During the early 2000s recession, the chairman of the board of Estée Lauder, Leonard Lauder, was surprised to notice that the sales of lipsticks under its several brands increased rapidly compared with other cosmetic products produced by the corporation. Considering the financial difficulties people encountered at that time, Lauder believed that small items like lipsticks could serve as substitutes for luxury goods that people could no longer afford. This phenomenon was then named the “Lipstick Index,” and economists began to consider it a new economic indicator.
However, in the most recent recession, lipstick sales seemed to contradict the golden rule of the “Lipstick Index.” According to the report released by market research firm Mintel, lipstick purchases continued to fall since the year 2007. People started to doubt whether the “Lipstick Index” was valid. Was the increase in sales in early 2000s a coincidence? The answer is “No.”
In fact, one of the most famous cosmetic groups, L’Oréal, saw its sales grow 5.3 percent in 2008, the heart of the most recent recession. This number indicates that beauty market was still active during the economic downturn. What’s interesting is that, as the sales of lipsticks underwent a certain decline, sales of nail decoration goodies like nail polish are up 65% since the first half of 2008, according to market research firm NPD Group. The unpredictable shift had to do with the glut of lipsticks on women’s dressers and their increasing demand for nail beauty. As a result, the “Nail Polish Index” has now become a new indicator of the economy.
How do products like lipsticks and nail polish measure the economy? There are several rationales behind it. First, when people could no longer afford things they used to consume, they simply turned to inferior goods. For example, it might be hard for them to consume big-ticket items like houses, jewelry or autos, but as for inexpensive goods like lipsticks, they could absolutely afford it and enjoy the fun of shopping. After all, even lipsticks of top brands are under $40 nowadays. Second, according to a research conducted by the Texas Christian University, women are more likely to buy beauty products during recessions. This is because women feel more secure with makeup and nicer clothes while their bank account balances are under pressure. They try to compensate themselves with small and affordable indulgence, like lipsticks, perfumes, nail polish and others.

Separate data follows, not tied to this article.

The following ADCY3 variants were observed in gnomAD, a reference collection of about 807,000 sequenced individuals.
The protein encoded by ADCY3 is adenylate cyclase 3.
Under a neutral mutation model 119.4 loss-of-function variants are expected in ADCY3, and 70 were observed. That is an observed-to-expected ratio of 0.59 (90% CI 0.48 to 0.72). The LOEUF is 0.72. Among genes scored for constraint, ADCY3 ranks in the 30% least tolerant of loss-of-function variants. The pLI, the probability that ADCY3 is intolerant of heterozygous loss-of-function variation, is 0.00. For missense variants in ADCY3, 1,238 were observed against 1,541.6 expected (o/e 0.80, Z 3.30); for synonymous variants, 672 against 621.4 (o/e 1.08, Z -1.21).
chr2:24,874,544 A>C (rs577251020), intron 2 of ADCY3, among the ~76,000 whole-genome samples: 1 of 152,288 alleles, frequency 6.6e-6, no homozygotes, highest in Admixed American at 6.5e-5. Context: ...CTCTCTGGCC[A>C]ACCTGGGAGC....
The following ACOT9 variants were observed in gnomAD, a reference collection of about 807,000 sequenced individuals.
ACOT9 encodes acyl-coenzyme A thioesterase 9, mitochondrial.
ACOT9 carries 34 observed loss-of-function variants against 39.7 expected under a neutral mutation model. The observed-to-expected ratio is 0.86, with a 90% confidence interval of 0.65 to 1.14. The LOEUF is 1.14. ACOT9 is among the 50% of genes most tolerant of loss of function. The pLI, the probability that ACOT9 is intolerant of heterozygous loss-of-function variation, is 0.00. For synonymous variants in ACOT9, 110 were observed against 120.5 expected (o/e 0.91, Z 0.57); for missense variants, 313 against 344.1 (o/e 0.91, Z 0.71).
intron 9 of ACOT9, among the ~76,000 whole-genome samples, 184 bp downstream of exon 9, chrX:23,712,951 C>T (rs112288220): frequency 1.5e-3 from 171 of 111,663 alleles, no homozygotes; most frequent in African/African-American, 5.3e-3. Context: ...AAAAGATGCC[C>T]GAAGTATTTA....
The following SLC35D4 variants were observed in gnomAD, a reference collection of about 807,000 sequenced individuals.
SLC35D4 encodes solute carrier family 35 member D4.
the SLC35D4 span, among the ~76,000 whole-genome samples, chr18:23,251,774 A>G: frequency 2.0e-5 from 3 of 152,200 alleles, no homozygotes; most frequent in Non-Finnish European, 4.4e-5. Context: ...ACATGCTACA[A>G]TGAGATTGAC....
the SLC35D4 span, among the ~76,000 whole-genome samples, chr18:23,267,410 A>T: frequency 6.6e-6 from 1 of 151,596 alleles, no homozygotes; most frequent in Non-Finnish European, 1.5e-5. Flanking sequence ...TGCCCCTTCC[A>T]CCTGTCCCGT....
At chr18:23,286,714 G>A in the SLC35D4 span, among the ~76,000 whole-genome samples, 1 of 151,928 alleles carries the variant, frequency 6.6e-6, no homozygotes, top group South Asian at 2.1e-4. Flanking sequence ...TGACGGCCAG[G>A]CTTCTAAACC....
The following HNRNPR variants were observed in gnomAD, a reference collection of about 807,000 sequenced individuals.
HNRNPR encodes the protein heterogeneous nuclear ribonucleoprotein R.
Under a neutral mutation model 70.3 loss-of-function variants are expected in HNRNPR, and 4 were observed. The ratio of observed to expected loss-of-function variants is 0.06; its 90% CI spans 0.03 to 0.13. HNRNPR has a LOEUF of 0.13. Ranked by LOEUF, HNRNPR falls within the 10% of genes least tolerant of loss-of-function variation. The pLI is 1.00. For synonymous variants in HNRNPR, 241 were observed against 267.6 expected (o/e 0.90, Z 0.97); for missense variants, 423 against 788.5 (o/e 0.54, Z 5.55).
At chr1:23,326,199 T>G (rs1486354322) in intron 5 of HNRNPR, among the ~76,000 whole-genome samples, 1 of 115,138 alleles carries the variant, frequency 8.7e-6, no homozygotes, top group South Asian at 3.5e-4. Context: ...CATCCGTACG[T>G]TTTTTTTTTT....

Since the emerging of these unusual indicators, more and more categories were defined as the indicator of future economy. The info graphic showed below lists some weird ways of gauging the economy, including sales of cheap spirits, underwear sales and lower hemlines. Although they are not as authentic as widely recognized indicators like GDP or unemployment rate, they actually provide us with a different view of the economy.